Over a period of nine weeks, our resident artists will bring together artists and community members to work collaboratively on pieces for the second annual Dia de los Muertos Gigante Procession. Using the South Gallery as a studio, they will build hand painted puppets (gigantes) with cloth costumes including paper mache head, torso and decorated framework structure.


Acrimonious Efflorescence 

AUGUST 31 – OCTOBER 7, 2017


My mixed media installations are elaborate, abstract fictions that incorporate fragments of reality. The elegant, lacy silhouettes of imagery from sources such as firearms, killer bees, and deadly plants are spliced with imagined forms to create sculptural interludes that are absurd, menacing, and poetic. Pattern and tactility confuse and complicate identification, camouflaging recognizable forms and evoking recognition when applied to non-objective forms. The tensions between fact/fiction and dimensionality/flatness are endlessly fascinating to me, playing out in my work as a dialogue between reality and illusion, while conflating fantasy and fiction.

Acrimonious Efflorescence creates a complex, multilayered topography within Firehouse Art Center. Utilizing a diverse range of materials– including sensuous gold corduroy, stiffened felt, and brightly colored rope–the installation creates a dreamscape both seductive and sinister. Abstract forms weave through the space, suggesting an alternate reality, refuted in turn by the forms’ insistent materiality. Silhouettes, magical and mysterious from a distance, reveal themselves as banal on closer inspection, creating a tension between our longing for fantasy and our ultimate recognition of fact.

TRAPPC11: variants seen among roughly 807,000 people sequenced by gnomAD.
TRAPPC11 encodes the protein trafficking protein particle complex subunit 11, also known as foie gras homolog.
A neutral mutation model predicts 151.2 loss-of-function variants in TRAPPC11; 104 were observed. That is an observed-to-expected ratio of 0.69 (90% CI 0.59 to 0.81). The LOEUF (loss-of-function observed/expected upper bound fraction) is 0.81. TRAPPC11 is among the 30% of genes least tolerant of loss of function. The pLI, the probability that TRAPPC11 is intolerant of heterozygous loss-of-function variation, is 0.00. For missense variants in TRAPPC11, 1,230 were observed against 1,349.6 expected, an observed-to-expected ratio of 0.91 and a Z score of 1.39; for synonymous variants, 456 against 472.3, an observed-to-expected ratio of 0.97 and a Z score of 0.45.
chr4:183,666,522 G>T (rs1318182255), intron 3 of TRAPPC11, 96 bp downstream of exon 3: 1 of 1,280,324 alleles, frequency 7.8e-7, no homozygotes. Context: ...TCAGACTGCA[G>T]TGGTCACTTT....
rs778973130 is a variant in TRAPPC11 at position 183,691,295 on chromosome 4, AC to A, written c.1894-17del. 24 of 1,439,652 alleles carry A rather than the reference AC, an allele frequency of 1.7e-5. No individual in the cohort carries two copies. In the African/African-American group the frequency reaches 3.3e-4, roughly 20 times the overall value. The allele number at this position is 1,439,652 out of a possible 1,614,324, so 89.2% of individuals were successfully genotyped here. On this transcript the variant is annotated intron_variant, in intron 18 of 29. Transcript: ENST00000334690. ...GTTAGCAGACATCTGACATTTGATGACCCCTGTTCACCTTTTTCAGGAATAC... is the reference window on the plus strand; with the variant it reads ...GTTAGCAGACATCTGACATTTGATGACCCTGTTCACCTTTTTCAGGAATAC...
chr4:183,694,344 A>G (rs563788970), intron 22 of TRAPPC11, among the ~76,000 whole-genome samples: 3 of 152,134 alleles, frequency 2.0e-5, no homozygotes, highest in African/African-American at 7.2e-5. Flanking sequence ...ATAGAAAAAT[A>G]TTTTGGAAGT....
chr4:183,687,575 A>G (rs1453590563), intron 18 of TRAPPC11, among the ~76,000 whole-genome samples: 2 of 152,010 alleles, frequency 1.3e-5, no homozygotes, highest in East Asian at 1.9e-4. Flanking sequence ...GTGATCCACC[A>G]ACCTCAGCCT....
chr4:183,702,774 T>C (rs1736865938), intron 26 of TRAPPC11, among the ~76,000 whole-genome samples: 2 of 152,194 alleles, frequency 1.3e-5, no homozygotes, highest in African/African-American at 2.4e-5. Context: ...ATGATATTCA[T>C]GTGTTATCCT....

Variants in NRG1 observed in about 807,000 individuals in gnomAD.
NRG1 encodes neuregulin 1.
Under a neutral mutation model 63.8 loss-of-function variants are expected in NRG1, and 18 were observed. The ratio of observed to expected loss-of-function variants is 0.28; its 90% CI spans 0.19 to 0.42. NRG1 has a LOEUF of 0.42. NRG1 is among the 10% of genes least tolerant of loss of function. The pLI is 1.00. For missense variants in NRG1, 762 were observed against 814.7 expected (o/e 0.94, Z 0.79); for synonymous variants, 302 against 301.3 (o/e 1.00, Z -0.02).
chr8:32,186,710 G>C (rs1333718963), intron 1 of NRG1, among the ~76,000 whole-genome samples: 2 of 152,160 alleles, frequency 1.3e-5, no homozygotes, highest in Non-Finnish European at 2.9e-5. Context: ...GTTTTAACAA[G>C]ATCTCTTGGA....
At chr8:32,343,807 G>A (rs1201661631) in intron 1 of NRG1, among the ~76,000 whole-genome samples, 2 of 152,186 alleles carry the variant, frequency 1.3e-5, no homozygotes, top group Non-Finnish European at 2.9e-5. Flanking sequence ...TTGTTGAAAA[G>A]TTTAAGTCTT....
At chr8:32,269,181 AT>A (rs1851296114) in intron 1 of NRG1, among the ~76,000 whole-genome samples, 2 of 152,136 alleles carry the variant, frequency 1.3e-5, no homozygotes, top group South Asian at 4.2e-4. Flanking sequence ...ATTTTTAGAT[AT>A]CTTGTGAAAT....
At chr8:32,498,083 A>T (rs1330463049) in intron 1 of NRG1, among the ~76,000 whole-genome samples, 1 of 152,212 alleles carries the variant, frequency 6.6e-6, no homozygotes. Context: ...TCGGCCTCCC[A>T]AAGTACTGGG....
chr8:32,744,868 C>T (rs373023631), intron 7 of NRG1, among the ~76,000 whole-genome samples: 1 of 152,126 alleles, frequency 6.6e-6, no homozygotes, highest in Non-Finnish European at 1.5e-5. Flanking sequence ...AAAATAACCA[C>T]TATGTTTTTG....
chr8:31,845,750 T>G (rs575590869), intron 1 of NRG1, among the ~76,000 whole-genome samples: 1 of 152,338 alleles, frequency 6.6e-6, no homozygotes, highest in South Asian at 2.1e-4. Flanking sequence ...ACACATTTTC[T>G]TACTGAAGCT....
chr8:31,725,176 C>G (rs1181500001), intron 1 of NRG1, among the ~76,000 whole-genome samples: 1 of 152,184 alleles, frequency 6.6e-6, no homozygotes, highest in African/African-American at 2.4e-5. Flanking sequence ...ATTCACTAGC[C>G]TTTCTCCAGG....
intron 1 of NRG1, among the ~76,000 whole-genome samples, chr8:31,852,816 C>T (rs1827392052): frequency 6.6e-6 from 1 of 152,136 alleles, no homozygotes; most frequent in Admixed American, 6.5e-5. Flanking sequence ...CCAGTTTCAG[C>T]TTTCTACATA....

I am thrilled to introduce Longmont to Minnesota based artist Liz Miller. For years we have dreamed of bringing in a national artist who’s work would take up the entire gallery and create a completely immersive experience. Luckily for us Liz was intrigued by our space and able to ship most of her materials with ease. Her incredible shapes, textures and colors have transformed our space into a forest of allure and wonder. Bursts of light and energy fill the sky, steady platforms tumble into organized chaos, pinnacles of nobility stretch beyond view while shapes and shadows fall at your feet. Meander through, around and under her work, look from all angles and soak up the innovative utopia. It is the closest I’ve come to walking through an artists imagination.

Curator: Jessica Kooiman Parker,


Artist in Residence Exhibition 

AUGUST 3-25, 2017


Banal objects drift unnoticeably in and out of American consumer culture. User manuals and deconstructed parts refer to the consumer ritual that promises functionality and life improvement. Mimicking the ways in which we encounter these objects, I construct large hand-drawn diagrams. Intensive labor and crafting is essential to my creative process as I challenge concepts of quality, disposability and time. Using this format of production, objects are reimagined and recontextualized as artworks that challenge the economy of the art object.